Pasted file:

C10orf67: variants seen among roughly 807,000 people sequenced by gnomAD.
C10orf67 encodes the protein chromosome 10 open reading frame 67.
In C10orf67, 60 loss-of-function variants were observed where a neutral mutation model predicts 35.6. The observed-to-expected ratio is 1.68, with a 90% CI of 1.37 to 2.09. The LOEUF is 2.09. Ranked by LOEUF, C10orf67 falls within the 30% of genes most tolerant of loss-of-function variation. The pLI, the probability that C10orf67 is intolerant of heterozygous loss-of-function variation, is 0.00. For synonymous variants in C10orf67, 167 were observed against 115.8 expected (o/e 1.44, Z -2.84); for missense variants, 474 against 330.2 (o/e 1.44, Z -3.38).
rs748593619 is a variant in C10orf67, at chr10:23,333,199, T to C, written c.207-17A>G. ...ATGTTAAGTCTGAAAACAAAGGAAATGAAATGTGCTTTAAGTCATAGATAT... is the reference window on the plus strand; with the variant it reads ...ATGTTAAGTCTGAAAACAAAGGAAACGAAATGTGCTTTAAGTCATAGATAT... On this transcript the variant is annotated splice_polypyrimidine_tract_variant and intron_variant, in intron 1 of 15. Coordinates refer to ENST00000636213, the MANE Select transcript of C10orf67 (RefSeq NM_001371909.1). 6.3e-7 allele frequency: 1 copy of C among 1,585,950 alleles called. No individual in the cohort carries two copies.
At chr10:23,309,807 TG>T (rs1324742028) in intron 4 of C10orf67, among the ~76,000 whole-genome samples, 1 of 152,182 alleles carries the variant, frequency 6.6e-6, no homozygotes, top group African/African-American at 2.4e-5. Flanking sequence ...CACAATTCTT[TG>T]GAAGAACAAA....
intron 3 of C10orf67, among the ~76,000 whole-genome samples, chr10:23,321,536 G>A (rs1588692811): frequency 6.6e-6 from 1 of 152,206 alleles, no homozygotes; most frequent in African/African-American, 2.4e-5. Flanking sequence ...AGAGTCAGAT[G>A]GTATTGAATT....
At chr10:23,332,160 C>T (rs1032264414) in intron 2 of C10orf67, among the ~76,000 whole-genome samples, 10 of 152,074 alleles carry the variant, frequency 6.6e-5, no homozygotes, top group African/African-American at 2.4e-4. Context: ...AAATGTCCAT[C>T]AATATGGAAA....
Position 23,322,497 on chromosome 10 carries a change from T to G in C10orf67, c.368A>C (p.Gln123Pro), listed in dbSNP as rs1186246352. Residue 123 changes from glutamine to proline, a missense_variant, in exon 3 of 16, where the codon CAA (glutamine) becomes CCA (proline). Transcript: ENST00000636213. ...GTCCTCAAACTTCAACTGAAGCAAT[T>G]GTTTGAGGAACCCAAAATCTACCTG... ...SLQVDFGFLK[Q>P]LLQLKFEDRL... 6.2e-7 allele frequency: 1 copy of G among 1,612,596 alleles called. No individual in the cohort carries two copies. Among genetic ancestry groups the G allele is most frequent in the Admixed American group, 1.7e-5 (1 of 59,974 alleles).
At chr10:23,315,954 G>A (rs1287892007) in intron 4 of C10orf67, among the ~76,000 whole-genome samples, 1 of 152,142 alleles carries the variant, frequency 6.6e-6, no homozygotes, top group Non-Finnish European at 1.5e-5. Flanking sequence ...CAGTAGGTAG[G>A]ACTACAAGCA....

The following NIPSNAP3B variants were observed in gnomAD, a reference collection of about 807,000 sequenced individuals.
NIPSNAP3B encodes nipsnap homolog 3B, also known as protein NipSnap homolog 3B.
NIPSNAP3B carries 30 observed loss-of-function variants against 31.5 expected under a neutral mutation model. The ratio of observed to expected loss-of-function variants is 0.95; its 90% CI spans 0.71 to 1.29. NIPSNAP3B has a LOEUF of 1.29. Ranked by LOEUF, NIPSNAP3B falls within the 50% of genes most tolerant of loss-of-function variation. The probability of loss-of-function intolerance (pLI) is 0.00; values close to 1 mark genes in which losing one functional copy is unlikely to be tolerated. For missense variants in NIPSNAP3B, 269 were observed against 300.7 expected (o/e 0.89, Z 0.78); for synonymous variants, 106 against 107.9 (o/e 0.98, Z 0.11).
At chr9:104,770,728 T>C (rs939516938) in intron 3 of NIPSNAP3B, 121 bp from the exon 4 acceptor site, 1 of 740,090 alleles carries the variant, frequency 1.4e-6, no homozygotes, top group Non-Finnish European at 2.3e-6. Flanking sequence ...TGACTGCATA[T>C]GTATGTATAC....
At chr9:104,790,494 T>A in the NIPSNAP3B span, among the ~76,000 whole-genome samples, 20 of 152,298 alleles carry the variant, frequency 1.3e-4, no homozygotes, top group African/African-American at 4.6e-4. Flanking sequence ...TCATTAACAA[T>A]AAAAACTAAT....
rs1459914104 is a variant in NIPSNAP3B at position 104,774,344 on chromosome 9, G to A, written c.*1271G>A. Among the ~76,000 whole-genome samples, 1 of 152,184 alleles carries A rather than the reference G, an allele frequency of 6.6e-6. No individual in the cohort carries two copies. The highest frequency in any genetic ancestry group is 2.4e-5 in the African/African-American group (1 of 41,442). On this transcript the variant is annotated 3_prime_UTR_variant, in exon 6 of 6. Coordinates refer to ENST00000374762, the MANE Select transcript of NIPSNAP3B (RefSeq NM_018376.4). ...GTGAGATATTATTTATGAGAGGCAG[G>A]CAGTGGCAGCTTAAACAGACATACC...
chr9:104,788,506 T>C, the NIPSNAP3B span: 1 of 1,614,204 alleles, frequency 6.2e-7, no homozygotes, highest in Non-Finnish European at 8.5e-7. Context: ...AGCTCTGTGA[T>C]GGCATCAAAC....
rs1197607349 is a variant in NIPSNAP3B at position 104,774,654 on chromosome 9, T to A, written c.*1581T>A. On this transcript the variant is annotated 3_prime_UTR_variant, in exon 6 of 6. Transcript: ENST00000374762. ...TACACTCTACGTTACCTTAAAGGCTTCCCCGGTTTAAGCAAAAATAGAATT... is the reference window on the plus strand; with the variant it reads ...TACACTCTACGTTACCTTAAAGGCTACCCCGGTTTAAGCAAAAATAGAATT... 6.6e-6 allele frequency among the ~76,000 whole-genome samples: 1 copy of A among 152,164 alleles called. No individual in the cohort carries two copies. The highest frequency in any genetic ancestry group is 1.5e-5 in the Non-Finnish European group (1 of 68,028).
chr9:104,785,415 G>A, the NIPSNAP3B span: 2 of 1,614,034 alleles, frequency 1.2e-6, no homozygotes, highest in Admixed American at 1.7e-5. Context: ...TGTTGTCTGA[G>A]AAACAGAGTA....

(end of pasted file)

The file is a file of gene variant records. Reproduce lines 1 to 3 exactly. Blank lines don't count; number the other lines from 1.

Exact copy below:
C10orf67: variants seen among roughly 807,000 people sequenced by gnomAD.
C10orf67 encodes the protein chromosome 10 open reading frame 67.
In C10orf67, 60 loss-of-function variants were observed where a neutral mutation model predicts 35.6. The observed-to-expected ratio is 1.68, with a 90% CI of 1.37 to 2.09. The LOEUF is 2.09. Ranked by LOEUF, C10orf67 falls within the 30% of genes most tolerant of loss-of-function variation. The pLI, the probability that C10orf67 is intolerant of heterozygous loss-of-function variation, is 0.00. For synonymous variants in C10orf67, 167 were observed against 115.8 expected (o/e 1.44, Z -2.84); for missense variants, 474 against 330.2 (o/e 1.44, Z -3.38).